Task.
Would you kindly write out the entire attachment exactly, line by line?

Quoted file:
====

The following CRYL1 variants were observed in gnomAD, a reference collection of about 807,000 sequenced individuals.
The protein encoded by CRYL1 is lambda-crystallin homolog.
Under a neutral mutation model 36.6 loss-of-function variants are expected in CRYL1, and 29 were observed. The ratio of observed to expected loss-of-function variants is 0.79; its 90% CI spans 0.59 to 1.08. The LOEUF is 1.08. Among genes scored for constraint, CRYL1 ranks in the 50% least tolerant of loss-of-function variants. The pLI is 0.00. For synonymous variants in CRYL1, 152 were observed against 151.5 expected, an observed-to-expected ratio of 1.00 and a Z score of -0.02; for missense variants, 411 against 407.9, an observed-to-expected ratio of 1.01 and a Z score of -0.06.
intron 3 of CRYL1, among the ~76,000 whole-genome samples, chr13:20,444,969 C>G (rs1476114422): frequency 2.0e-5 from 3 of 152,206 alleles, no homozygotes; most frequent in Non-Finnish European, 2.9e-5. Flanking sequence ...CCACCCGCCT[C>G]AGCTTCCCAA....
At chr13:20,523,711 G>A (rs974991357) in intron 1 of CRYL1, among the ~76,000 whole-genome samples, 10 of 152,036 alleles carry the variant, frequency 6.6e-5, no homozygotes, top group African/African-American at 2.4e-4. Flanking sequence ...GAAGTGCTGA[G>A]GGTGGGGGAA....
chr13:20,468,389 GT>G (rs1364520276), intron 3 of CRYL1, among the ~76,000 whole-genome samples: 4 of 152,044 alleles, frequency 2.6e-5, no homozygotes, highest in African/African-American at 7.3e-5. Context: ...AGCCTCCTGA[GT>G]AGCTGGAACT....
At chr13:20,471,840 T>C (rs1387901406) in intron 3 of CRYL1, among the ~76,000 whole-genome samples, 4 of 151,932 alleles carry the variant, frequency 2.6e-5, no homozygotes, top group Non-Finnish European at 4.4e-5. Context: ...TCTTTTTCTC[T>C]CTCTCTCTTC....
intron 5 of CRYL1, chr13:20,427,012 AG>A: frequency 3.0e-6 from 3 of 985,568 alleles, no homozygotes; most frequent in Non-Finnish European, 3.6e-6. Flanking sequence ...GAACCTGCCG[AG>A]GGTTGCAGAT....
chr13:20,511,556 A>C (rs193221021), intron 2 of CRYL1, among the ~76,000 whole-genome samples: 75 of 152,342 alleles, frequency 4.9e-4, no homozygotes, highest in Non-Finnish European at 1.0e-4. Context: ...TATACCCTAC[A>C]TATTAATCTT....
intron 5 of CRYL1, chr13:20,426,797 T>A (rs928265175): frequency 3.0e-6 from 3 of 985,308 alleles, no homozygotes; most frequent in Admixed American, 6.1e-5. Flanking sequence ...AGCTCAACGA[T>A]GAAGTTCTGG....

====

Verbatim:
The following CRYL1 variants were observed in gnomAD, a reference collection of about 807,000 sequenced individuals.
The protein encoded by CRYL1 is lambda-crystallin homolog.
Under a neutral mutation model 36.6 loss-of-function variants are expected in CRYL1, and 29 were observed. The ratio of observed to expected loss-of-function variants is 0.79; its 90% CI spans 0.59 to 1.08. The LOEUF is 1.08. Among genes scored for constraint, CRYL1 ranks in the 50% least tolerant of loss-of-function variants. The pLI is 0.00. For synonymous variants in CRYL1, 152 were observed against 151.5 expected, an observed-to-expected ratio of 1.00 and a Z score of -0.02; for missense variants, 411 against 407.9, an observed-to-expected ratio of 1.01 and a Z score of -0.06.
intron 3 of CRYL1, among the ~76,000 whole-genome samples, chr13:20,444,969 C>G (rs1476114422): frequency 2.0e-5 from 3 of 152,206 alleles, no homozygotes; most frequent in Non-Finnish European, 2.9e-5. Flanking sequence ...CCACCCGCCT[C>G]AGCTTCCCAA....
At chr13:20,523,711 G>A (rs974991357) in intron 1 of CRYL1, among the ~76,000 whole-genome samples, 10 of 152,036 alleles carry the variant, frequency 6.6e-5, no homozygotes, top group African/African-American at 2.4e-4. Flanking sequence ...GAAGTGCTGA[G>A]GGTGGGGGAA....
chr13:20,468,389 GT>G (rs1364520276), intron 3 of CRYL1, among the ~76,000 whole-genome samples: 4 of 152,044 alleles, frequency 2.6e-5, no homozygotes, highest in African/African-American at 7.3e-5. Context: ...AGCCTCCTGA[GT>G]AGCTGGAACT....
At chr13:20,471,840 T>C (rs1387901406) in intron 3 of CRYL1, among the ~76,000 whole-genome samples, 4 of 151,932 alleles carry the variant, frequency 2.6e-5, no homozygotes, top group Non-Finnish European at 4.4e-5. Context: ...TCTTTTTCTC[T>C]CTCTCTCTTC....
intron 5 of CRYL1, chr13:20,427,012 AG>A: frequency 3.0e-6 from 3 of 985,568 alleles, no homozygotes; most frequent in Non-Finnish European, 3.6e-6. Flanking sequence ...GAACCTGCCG[AG>A]GGTTGCAGAT....
chr13:20,511,556 A>C (rs193221021), intron 2 of CRYL1, among the ~76,000 whole-genome samples: 75 of 152,342 alleles, frequency 4.9e-4, no homozygotes, highest in Non-Finnish European at 1.0e-4. Context: ...TATACCCTAC[A>C]TATTAATCTT....
intron 5 of CRYL1, chr13:20,426,797 T>A (rs928265175): frequency 3.0e-6 from 3 of 985,308 alleles, no homozygotes; most frequent in Admixed American, 6.1e-5. Flanking sequence ...AGCTCAACGA[T>A]GAAGTTCTGG....